Step 6: Offer your child a break for as long as the problem took. If it was 30 seconds, give a 30-second break. If it was 5 minutes, give a 5-minute break. Do NOT let the break be something your child wants to do that it will be difficult to quit doing when it is time to go back to the math. It doesn’t have to be something that’s onerous, just not something that will start a fight every time you need him or her to sit back down.
Suggestions for activities
30 seconds or 1 minute
- Match socks
- Pushups or situps
- The breathe app (Apple watch) or similar calming/ breathing app
- Put away some dishes
- Take clean clothes to room
- Pet the dog
- Jumping jacks
- Match socks
- Check out how your lady bugs, tadpoles or caterpillars are doing. You can buy Insect Lore kits to learn about science or go outside and catch your own (that would be a five-minute activity, see below)
- Decorate a SMALL SQUARE on the box. Outline these squares in pencil so you don’t get into another argument over not being done yet.
- Bathe the guinea pig
- Walk or ride a bike around the block.
- Wash dishes
- Write a thank you card
- Check out any of these arts and crafts kits or Hands-on Activities for your child’s age and interests.
- Walk to the mailbox and mail a letter
- Shoot baskets
- Catch some insects to keep in a jar or tank and observe for a science activity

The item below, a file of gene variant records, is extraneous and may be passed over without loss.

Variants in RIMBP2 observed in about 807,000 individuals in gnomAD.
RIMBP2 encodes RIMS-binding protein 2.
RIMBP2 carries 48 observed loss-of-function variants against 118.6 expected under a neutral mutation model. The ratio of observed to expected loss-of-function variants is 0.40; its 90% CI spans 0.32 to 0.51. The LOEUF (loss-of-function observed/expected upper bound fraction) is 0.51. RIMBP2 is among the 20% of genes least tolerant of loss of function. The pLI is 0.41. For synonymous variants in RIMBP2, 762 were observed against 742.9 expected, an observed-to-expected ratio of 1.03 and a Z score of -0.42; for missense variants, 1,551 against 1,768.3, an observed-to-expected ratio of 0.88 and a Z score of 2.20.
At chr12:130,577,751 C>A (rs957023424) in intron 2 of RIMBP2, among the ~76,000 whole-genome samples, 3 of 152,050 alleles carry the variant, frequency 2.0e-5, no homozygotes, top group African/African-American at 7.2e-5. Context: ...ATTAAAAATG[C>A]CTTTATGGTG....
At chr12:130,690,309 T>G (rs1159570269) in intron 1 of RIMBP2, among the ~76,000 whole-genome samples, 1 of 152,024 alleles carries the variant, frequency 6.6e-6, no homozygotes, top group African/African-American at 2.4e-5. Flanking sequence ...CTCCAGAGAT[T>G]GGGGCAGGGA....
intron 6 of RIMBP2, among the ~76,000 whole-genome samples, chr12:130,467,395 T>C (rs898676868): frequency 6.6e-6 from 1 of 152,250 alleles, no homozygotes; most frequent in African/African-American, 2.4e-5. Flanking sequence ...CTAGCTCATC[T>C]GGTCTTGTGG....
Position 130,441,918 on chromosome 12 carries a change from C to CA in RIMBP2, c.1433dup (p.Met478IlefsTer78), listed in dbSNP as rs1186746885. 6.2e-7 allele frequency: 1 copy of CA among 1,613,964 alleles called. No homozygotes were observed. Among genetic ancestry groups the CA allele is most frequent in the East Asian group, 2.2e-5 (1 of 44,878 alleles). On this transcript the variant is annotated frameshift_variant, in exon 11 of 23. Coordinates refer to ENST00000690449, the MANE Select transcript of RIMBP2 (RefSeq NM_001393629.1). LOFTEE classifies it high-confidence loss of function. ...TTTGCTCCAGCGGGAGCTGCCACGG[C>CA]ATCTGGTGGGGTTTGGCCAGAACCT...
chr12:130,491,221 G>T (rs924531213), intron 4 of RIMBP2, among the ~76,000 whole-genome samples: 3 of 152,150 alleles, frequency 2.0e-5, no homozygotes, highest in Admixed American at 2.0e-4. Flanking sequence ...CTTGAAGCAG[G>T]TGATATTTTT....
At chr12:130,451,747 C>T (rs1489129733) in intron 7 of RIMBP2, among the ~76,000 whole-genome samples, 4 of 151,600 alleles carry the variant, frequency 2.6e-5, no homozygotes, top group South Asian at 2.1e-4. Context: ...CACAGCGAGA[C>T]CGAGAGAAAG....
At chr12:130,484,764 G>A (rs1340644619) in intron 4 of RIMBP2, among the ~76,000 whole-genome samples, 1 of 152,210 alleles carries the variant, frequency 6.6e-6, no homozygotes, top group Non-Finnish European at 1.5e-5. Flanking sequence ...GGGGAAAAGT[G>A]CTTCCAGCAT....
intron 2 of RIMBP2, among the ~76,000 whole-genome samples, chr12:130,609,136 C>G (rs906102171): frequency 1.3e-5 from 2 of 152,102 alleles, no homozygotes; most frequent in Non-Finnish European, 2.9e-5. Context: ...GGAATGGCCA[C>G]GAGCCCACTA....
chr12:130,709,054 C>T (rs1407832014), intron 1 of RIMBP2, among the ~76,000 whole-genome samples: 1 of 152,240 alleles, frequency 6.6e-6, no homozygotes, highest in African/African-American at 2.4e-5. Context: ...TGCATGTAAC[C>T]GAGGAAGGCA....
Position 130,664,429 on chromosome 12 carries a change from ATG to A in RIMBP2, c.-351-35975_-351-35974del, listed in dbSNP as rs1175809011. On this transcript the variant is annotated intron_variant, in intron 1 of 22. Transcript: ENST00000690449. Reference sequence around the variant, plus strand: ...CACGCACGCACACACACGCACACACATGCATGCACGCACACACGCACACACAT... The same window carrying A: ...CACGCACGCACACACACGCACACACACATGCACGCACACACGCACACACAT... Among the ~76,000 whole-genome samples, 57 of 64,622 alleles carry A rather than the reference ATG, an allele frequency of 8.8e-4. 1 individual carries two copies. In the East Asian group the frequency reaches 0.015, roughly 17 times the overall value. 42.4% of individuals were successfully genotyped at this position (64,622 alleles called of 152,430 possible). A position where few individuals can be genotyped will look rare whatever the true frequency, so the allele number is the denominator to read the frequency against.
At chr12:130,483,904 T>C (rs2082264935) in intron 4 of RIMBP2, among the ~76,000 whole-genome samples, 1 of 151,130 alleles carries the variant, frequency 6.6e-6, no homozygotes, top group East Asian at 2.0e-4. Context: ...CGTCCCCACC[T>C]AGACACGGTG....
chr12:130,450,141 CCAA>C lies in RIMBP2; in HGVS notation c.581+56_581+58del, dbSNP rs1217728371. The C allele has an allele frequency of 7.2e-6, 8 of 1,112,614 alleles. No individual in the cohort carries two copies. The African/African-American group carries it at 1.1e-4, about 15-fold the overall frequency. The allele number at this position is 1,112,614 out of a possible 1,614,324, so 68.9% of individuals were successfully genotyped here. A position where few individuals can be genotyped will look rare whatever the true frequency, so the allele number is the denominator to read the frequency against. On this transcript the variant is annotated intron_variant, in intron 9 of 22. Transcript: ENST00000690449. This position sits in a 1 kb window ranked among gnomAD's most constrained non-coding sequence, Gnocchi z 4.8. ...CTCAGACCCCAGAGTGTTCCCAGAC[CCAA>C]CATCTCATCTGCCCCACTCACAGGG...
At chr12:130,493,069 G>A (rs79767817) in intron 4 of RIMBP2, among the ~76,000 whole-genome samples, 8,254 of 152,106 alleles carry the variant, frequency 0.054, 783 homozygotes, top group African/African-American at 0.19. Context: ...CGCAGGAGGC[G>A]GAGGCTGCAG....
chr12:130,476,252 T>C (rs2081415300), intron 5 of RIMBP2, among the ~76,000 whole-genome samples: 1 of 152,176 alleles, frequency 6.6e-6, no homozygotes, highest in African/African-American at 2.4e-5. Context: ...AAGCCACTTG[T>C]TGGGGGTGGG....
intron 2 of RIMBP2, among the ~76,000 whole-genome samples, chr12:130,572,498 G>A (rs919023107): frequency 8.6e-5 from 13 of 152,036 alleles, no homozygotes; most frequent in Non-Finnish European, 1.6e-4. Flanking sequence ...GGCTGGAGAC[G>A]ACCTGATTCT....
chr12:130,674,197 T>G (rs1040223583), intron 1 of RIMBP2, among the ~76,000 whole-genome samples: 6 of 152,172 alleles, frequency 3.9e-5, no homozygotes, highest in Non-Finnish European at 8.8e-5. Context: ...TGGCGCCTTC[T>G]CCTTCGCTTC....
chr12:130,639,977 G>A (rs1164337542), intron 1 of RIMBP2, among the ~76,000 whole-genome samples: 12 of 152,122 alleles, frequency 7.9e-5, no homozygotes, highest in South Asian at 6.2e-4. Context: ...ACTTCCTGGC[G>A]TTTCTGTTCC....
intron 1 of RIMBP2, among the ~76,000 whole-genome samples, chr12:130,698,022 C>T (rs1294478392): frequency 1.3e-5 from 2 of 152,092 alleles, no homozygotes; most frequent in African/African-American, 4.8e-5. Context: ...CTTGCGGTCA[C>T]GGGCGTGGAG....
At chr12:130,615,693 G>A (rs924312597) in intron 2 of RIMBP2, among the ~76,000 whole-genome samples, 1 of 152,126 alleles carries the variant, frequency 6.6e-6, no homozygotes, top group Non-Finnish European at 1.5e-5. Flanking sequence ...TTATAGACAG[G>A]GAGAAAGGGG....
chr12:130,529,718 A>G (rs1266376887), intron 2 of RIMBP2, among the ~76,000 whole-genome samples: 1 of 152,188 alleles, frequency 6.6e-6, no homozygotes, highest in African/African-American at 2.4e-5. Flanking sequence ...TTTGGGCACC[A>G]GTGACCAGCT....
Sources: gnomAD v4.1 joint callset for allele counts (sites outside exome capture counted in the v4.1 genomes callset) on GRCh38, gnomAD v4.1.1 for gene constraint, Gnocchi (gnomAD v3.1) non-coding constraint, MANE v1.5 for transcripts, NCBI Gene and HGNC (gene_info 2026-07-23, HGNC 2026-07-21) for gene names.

- Play a CASUAL educational game- why a casual game is a post in itself, and what IS a casual game is another. In short, a game with simple rules that is playable in short bursts. Think Candy Crush but for education. Making Camp Ojibwe is an example of a casual educational game. Bonus: It’s free.
- Decorate a MEDIUM SQUARE on the box. Again, outline these squares in pencil so you don’t get into another argument over not being done yet.
Repeat this process until all math problems are done.
At the end of the math assignment, your child can do whatever he or she likes best for however long was spent on the math. If it took an hour, then that’s an hour of watching stupid youtube videos on the iPad .. Of course, for your child it may be playing Mario Cart.
The day will never come when I cannot outwit an 11-year-old (or, at least, today is not that day)
Your child may try to wait you out. When you first start getting into this routine, he or she could try taking as long as possible to do a single math problem. Your child may want to take a break after every problem. That’s fine.
Parent tip #1: When you start doing this, make sure you have a block of time, not right before your dentist appointment or when you host your weekly book club.
Parent tip #2: If, like many busy parents, you have a difficult time not being productive, find something to do while you are sitting with your child. Good suggestions for this are paying the bills, balancing your checkbook, folding the laundry, answering email. Also if, like most parents, you don’t have the world’s greatest supply of patience, this will help you not lose your temper. You aren’t just sitting there waiting for your child to get done. You are accomplishing something you need to do as well. At the same time, you are being a good role model of focusing on stuff that maybe you’d rather not do but needs to be done.